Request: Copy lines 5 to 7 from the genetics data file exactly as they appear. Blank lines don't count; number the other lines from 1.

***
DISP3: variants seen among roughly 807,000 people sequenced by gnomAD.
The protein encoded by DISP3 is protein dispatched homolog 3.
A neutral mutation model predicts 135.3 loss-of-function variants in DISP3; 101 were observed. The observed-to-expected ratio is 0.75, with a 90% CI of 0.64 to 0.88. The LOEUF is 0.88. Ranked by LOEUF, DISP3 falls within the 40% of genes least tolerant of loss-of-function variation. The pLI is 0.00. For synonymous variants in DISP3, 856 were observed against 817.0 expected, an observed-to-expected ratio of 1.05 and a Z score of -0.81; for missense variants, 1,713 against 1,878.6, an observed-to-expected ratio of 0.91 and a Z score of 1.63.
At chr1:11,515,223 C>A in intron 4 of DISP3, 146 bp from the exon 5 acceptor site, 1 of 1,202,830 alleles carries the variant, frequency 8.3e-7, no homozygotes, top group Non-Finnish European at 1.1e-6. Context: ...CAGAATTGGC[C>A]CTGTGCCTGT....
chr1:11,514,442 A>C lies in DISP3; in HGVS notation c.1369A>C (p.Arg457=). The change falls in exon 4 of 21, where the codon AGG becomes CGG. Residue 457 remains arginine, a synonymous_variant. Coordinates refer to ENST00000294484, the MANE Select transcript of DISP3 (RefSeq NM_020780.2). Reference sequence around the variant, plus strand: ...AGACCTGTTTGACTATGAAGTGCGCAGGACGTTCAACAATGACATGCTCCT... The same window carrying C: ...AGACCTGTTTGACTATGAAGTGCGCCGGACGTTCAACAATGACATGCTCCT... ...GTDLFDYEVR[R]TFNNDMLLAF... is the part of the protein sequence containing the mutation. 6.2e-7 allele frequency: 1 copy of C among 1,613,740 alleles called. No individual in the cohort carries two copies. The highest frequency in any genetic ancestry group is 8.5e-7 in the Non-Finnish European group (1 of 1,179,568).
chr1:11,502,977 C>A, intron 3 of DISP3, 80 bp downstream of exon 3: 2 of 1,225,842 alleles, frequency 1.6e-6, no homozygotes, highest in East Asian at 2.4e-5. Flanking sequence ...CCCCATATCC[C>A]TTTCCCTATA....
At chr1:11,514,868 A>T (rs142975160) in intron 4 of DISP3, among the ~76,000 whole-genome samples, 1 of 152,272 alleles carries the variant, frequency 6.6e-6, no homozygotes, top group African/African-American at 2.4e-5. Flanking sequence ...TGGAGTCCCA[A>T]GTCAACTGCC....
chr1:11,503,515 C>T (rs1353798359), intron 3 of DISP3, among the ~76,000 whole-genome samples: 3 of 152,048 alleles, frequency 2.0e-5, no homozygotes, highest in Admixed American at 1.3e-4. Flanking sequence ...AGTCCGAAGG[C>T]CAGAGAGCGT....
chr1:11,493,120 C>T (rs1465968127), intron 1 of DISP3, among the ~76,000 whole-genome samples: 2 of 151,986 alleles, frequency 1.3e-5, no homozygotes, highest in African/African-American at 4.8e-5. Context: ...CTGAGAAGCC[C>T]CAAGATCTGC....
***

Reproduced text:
chr1:11,514,442 A>C lies in DISP3; in HGVS notation c.1369A>C (p.Arg457=). The change falls in exon 4 of 21, where the codon AGG becomes CGG. Residue 457 remains arginine, a synonymous_variant. Coordinates refer to ENST00000294484, the MANE Select transcript of DISP3 (RefSeq NM_020780.2). Reference sequence around the variant, plus strand: ...AGACCTGTTTGACTATGAAGTGCGCAGGACGTTCAACAATGACATGCTCCT... The same window carrying C: ...AGACCTGTTTGACTATGAAGTGCGCCGGACGTTCAACAATGACATGCTCCT... ...GTDLFDYEVR[R]TFNNDMLLAF... is the part of the protein sequence containing the mutation. 6.2e-7 allele frequency: 1 copy of C among 1,613,740 alleles called. No individual in the cohort carries two copies. The highest frequency in any genetic ancestry group is 8.5e-7 in the Non-Finnish European group (1 of 1,179,568).
chr1:11,502,977 C>A, intron 3 of DISP3, 80 bp downstream of exon 3: 2 of 1,225,842 alleles, frequency 1.6e-6, no homozygotes, highest in East Asian at 2.4e-5. Flanking sequence ...CCCCATATCC[C>A]TTTCCCTATA....
At chr1:11,514,868 A>T (rs142975160) in intron 4 of DISP3, among the ~76,000 whole-genome samples, 1 of 152,272 alleles carries the variant, frequency 6.6e-6, no homozygotes, top group African/African-American at 2.4e-5. Flanking sequence ...TGGAGTCCCA[A>T]GTCAACTGCC....